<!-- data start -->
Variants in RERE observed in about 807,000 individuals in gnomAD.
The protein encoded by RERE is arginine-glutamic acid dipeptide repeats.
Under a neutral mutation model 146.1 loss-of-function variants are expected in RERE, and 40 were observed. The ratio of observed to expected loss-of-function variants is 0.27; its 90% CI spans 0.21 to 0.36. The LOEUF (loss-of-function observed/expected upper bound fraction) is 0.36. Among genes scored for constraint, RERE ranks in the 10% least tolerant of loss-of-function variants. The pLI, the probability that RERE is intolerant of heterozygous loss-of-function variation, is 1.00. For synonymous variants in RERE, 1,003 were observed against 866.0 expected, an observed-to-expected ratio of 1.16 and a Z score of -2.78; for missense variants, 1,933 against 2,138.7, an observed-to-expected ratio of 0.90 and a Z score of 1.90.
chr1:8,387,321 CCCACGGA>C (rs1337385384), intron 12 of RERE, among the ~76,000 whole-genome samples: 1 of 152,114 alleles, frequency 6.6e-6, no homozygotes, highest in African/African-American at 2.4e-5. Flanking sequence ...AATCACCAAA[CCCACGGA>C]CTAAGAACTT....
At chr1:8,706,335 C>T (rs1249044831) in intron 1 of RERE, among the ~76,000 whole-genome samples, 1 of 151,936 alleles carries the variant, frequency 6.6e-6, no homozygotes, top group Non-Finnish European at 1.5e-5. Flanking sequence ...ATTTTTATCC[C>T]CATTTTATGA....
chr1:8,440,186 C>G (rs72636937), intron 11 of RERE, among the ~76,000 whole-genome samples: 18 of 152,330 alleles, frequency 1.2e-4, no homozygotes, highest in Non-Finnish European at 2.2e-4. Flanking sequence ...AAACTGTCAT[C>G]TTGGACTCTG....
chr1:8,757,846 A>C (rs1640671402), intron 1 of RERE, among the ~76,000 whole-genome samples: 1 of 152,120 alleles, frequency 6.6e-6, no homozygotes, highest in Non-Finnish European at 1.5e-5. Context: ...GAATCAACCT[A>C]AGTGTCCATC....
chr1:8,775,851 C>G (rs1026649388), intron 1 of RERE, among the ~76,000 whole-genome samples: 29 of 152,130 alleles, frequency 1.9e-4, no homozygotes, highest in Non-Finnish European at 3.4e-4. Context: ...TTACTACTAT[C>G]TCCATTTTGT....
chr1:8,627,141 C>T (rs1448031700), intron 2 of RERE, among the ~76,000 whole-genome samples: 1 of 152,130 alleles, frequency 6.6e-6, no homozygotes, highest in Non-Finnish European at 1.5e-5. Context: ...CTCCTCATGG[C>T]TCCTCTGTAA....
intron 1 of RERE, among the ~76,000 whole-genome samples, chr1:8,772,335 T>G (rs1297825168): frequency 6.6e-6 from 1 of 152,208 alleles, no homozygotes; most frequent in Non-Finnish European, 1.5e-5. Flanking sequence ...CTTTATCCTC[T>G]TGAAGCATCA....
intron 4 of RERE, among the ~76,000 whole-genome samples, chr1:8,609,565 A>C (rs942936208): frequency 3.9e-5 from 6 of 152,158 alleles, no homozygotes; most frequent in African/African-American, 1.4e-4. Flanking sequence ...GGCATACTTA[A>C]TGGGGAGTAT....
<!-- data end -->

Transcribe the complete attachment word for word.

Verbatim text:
Variants in RERE observed in about 807,000 individuals in gnomAD.
The protein encoded by RERE is arginine-glutamic acid dipeptide repeats.
Under a neutral mutation model 146.1 loss-of-function variants are expected in RERE, and 40 were observed. The ratio of observed to expected loss-of-function variants is 0.27; its 90% CI spans 0.21 to 0.36. The LOEUF (loss-of-function observed/expected upper bound fraction) is 0.36. Among genes scored for constraint, RERE ranks in the 10% least tolerant of loss-of-function variants. The pLI, the probability that RERE is intolerant of heterozygous loss-of-function variation, is 1.00. For synonymous variants in RERE, 1,003 were observed against 866.0 expected, an observed-to-expected ratio of 1.16 and a Z score of -2.78; for missense variants, 1,933 against 2,138.7, an observed-to-expected ratio of 0.90 and a Z score of 1.90.
chr1:8,387,321 CCCACGGA>C (rs1337385384), intron 12 of RERE, among the ~76,000 whole-genome samples: 1 of 152,114 alleles, frequency 6.6e-6, no homozygotes, highest in African/African-American at 2.4e-5. Flanking sequence ...AATCACCAAA[CCCACGGA>C]CTAAGAACTT....
At chr1:8,706,335 C>T (rs1249044831) in intron 1 of RERE, among the ~76,000 whole-genome samples, 1 of 151,936 alleles carries the variant, frequency 6.6e-6, no homozygotes, top group Non-Finnish European at 1.5e-5. Flanking sequence ...ATTTTTATCC[C>T]CATTTTATGA....
chr1:8,440,186 C>G (rs72636937), intron 11 of RERE, among the ~76,000 whole-genome samples: 18 of 152,330 alleles, frequency 1.2e-4, no homozygotes, highest in Non-Finnish European at 2.2e-4. Flanking sequence ...AAACTGTCAT[C>G]TTGGACTCTG....
chr1:8,757,846 A>C (rs1640671402), intron 1 of RERE, among the ~76,000 whole-genome samples: 1 of 152,120 alleles, frequency 6.6e-6, no homozygotes, highest in Non-Finnish European at 1.5e-5. Context: ...GAATCAACCT[A>C]AGTGTCCATC....
chr1:8,775,851 C>G (rs1026649388), intron 1 of RERE, among the ~76,000 whole-genome samples: 29 of 152,130 alleles, frequency 1.9e-4, no homozygotes, highest in Non-Finnish European at 3.4e-4. Context: ...TTACTACTAT[C>G]TCCATTTTGT....
chr1:8,627,141 C>T (rs1448031700), intron 2 of RERE, among the ~76,000 whole-genome samples: 1 of 152,130 alleles, frequency 6.6e-6, no homozygotes, highest in Non-Finnish European at 1.5e-5. Context: ...CTCCTCATGG[C>T]TCCTCTGTAA....
intron 1 of RERE, among the ~76,000 whole-genome samples, chr1:8,772,335 T>G (rs1297825168): frequency 6.6e-6 from 1 of 152,208 alleles, no homozygotes; most frequent in Non-Finnish European, 1.5e-5. Flanking sequence ...CTTTATCCTC[T>G]TGAAGCATCA....
intron 4 of RERE, among the ~76,000 whole-genome samples, chr1:8,609,565 A>C (rs942936208): frequency 3.9e-5 from 6 of 152,158 alleles, no homozygotes; most frequent in African/African-American, 1.4e-4. Flanking sequence ...GGCATACTTA[A>C]TGGGGAGTAT....